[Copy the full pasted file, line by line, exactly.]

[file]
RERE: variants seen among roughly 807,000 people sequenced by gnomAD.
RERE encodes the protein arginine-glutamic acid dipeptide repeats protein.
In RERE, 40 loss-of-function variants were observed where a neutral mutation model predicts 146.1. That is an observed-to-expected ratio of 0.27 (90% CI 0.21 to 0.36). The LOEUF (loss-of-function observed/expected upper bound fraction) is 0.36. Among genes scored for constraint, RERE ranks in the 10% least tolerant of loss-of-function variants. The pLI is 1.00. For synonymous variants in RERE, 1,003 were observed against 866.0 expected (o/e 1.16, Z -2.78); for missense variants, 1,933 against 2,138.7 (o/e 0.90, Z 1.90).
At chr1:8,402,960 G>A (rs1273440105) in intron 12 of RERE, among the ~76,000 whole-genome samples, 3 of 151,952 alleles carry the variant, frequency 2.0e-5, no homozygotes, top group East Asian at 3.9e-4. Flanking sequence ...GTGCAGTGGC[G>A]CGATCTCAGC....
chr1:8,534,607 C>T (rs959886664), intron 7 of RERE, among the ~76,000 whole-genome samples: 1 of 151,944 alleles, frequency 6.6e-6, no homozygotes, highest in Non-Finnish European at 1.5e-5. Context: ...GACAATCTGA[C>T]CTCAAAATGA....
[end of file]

RERE: variants seen among roughly 807,000 people sequenced by gnomAD.
RERE encodes the protein arginine-glutamic acid dipeptide repeats protein.
In RERE, 40 loss-of-function variants were observed where a neutral mutation model predicts 146.1. That is an observed-to-expected ratio of 0.27 (90% CI 0.21 to 0.36). The LOEUF (loss-of-function observed/expected upper bound fraction) is 0.36. Among genes scored for constraint, RERE ranks in the 10% least tolerant of loss-of-function variants. The pLI is 1.00. For synonymous variants in RERE, 1,003 were observed against 866.0 expected (o/e 1.16, Z -2.78); for missense variants, 1,933 against 2,138.7 (o/e 0.90, Z 1.90).
At chr1:8,402,960 G>A (rs1273440105) in intron 12 of RERE, among the ~76,000 whole-genome samples, 3 of 151,952 alleles carry the variant, frequency 2.0e-5, no homozygotes, top group East Asian at 3.9e-4. Flanking sequence ...GTGCAGTGGC[G>A]CGATCTCAGC....
chr1:8,534,607 C>T (rs959886664), intron 7 of RERE, among the ~76,000 whole-genome samples: 1 of 151,944 alleles, frequency 6.6e-6, no homozygotes, highest in Non-Finnish European at 1.5e-5. Context: ...GACAATCTGA[C>T]CTCAAAATGA....